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Prognostic Significance of Pretreatment Thrombocytosis in Cervical Cancer Patients Treated With Definitive Radiotherapy
  1. Mahiru Kawano, MD*,
  2. Seiji Mabuchi, MD, PhD*,
  3. Yuri Matsumoto, MD*,
  4. Tomoyuki Sasano, MD*,
  5. Ryoko Takahashi, MD*,
  6. Hiromasa Kuroda, MD*,
  7. Katsumi Kozasa, MD*,
  8. Fumiaki Isohashi, MD, PhD,
  9. Kazuhiko Ogawa, MD, PhD and
  10. Tadashi Kimura, MD, PhD*
  1. *Departments of Obstetrics and Gynecology, and
  2. Radiation Oncology, Osaka University Graduate School of Medicine, Osaka, Japan.
  1. Address correspondence and reprint requests to Seiji Mabuchi, MD, PhD, Department of Obstetrics and Gynecology, Osaka University Graduate School of Medicine, 2-2 Yamadaoka, Suita, Osaka 565-0871, Japan. E-mail: smabuchi{at}gyne.med.osaka-u.ac.jp.

Abstract

Objective The aim of this study was to investigate the prevalence and prognostic significance of an elevated platelet count at the time of the initial diagnosis in patients with cervical cancer who are treated with definitive radiotherapy.

Methods The baseline characteristics and outcome data of cervical cancer patients who were treated with definitive radiotherapy between November 1993 and December 2011 were collected and retrospectively reviewed. The patients were separated into 2 groups according to their platelet counts. The clinicopathological characteristics and overall survival rates of the 2 groups were compared. A Cox proportional hazards regression model was used to investigate the prognostic significance of an elevated platelet count.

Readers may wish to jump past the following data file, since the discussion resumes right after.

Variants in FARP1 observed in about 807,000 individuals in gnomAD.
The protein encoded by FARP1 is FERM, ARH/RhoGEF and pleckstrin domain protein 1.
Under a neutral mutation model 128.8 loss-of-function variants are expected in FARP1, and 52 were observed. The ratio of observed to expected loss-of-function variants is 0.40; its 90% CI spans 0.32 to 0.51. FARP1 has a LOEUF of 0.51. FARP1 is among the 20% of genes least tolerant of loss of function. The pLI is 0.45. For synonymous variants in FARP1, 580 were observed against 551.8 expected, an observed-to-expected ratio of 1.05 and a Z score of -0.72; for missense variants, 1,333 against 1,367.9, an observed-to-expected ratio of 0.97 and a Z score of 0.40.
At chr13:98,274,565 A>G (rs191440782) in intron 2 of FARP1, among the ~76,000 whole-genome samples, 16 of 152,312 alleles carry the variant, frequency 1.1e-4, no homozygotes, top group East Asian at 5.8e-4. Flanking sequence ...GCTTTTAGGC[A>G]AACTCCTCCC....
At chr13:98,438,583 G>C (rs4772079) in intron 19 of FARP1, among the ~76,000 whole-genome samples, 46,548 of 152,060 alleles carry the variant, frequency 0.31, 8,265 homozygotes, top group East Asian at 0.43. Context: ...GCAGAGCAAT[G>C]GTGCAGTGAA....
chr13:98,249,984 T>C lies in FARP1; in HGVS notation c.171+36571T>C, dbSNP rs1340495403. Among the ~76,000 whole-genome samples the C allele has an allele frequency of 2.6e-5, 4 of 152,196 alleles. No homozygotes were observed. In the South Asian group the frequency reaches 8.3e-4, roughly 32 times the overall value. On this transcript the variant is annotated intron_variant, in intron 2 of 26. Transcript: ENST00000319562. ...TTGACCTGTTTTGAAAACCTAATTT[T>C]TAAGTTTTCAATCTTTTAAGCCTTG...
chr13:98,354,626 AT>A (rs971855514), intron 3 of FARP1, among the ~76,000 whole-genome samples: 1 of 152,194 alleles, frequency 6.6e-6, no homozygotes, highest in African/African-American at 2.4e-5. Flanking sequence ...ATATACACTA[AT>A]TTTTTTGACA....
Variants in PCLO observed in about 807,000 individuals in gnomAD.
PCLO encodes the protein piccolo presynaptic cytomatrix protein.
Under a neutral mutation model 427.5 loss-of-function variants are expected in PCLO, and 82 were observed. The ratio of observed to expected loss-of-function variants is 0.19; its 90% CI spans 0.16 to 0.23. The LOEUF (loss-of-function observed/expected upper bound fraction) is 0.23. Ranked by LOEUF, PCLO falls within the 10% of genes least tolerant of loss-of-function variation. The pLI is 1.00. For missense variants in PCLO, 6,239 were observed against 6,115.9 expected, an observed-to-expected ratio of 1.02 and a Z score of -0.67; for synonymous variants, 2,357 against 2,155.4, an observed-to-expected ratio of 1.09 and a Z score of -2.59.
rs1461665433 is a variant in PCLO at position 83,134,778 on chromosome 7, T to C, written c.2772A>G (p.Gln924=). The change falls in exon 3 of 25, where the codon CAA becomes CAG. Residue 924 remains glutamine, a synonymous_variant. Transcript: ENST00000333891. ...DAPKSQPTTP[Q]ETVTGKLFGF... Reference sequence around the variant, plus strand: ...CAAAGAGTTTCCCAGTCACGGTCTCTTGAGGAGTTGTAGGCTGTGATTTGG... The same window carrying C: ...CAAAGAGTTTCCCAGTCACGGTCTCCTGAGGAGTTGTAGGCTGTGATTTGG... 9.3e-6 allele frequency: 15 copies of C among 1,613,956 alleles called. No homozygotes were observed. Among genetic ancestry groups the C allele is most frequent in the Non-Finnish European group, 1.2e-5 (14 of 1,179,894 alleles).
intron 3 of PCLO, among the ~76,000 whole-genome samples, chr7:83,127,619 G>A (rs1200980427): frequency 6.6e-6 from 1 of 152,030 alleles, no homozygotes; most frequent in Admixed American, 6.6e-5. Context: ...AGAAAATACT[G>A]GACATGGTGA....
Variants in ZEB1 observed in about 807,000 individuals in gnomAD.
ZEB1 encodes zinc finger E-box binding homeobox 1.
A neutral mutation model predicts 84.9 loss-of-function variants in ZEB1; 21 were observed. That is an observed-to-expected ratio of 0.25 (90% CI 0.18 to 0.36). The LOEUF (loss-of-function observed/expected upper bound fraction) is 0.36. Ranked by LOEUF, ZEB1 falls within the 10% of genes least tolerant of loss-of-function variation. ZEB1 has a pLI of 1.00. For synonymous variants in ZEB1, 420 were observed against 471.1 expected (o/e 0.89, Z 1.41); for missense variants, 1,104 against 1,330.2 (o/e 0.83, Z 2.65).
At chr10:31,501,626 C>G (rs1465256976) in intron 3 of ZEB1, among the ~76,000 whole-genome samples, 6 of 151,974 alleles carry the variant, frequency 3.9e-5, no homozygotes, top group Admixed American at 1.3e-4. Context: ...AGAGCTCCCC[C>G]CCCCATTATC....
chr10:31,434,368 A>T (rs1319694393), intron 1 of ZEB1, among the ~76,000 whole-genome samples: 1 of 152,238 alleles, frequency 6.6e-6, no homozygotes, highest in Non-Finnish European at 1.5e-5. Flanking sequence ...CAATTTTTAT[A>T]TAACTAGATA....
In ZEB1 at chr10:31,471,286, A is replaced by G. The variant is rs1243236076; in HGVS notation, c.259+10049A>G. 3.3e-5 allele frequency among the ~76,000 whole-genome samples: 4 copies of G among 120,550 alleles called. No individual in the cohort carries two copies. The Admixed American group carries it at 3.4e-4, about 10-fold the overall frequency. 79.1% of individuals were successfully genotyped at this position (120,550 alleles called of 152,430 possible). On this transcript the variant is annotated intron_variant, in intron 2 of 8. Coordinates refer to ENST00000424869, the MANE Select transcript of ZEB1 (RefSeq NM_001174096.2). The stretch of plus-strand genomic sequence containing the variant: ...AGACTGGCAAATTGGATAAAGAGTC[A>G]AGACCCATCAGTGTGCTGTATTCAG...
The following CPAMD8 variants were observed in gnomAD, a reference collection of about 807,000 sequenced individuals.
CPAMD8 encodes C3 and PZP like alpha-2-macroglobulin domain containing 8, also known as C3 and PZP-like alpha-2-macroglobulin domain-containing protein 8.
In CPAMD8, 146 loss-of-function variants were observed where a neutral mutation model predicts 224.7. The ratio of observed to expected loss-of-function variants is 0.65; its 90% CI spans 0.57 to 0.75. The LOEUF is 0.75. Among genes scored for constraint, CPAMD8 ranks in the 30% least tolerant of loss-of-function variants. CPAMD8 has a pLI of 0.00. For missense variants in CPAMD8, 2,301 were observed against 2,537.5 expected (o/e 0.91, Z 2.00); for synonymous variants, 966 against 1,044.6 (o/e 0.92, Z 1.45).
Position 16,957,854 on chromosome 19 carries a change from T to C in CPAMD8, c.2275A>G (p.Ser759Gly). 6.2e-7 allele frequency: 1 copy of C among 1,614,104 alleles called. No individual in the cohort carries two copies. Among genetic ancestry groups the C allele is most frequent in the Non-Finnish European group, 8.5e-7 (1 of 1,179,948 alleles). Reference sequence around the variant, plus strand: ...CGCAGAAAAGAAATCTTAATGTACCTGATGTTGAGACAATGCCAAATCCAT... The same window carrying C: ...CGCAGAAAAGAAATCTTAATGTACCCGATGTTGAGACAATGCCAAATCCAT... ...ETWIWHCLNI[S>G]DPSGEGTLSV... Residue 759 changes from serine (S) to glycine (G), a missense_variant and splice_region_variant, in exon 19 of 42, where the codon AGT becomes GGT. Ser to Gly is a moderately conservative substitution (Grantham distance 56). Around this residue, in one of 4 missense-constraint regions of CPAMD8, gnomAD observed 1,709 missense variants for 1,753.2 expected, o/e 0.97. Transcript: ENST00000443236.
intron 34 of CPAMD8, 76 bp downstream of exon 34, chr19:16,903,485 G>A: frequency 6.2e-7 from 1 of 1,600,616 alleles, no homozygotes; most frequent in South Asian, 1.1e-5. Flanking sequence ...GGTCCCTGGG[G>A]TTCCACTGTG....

Results An elevated platelet count was found to be associated with younger age (P = 0.0003), an advanced clinical stage (P < 0.0001), larger tumors (P = 0.0025), lower hemoglobin levels (P < 0.0001), and more frequent treatment failure (P = 0.0015). Multivariate analysis demonstrated that an advanced clinical stage (hazards ratio [HR], 2.93; 95% confidence interval [CI], 1.47–6.70; P = 0.0015), nonsquamous cell carcinoma histology (HR, 2.67; 95% CI, 1.52–4.42; P = 0.0011), larger tumors (HR, 3.86; 95% CI, 2.18–7.03; P < 0.0001), lower hemoglobin levels (HR, 1.99; 95% CI, 1.34–2.93; P = 0.0008), and an elevated platelet count (HR, 1.65; 95% CI, 1.03–2.56; P = 0.0395) were significant predictors of survival.

Conclusions An elevated platelet count at the time of the initial diagnosis is an independent prognostic factor in cervical cancer patients who are treated with definitive radiotherapy.

  • Thrombocytosis
  • Cervical cancer
  • Radiotherapy
  • Survival

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Footnotes

  • The authors declare no conflicts of interest.

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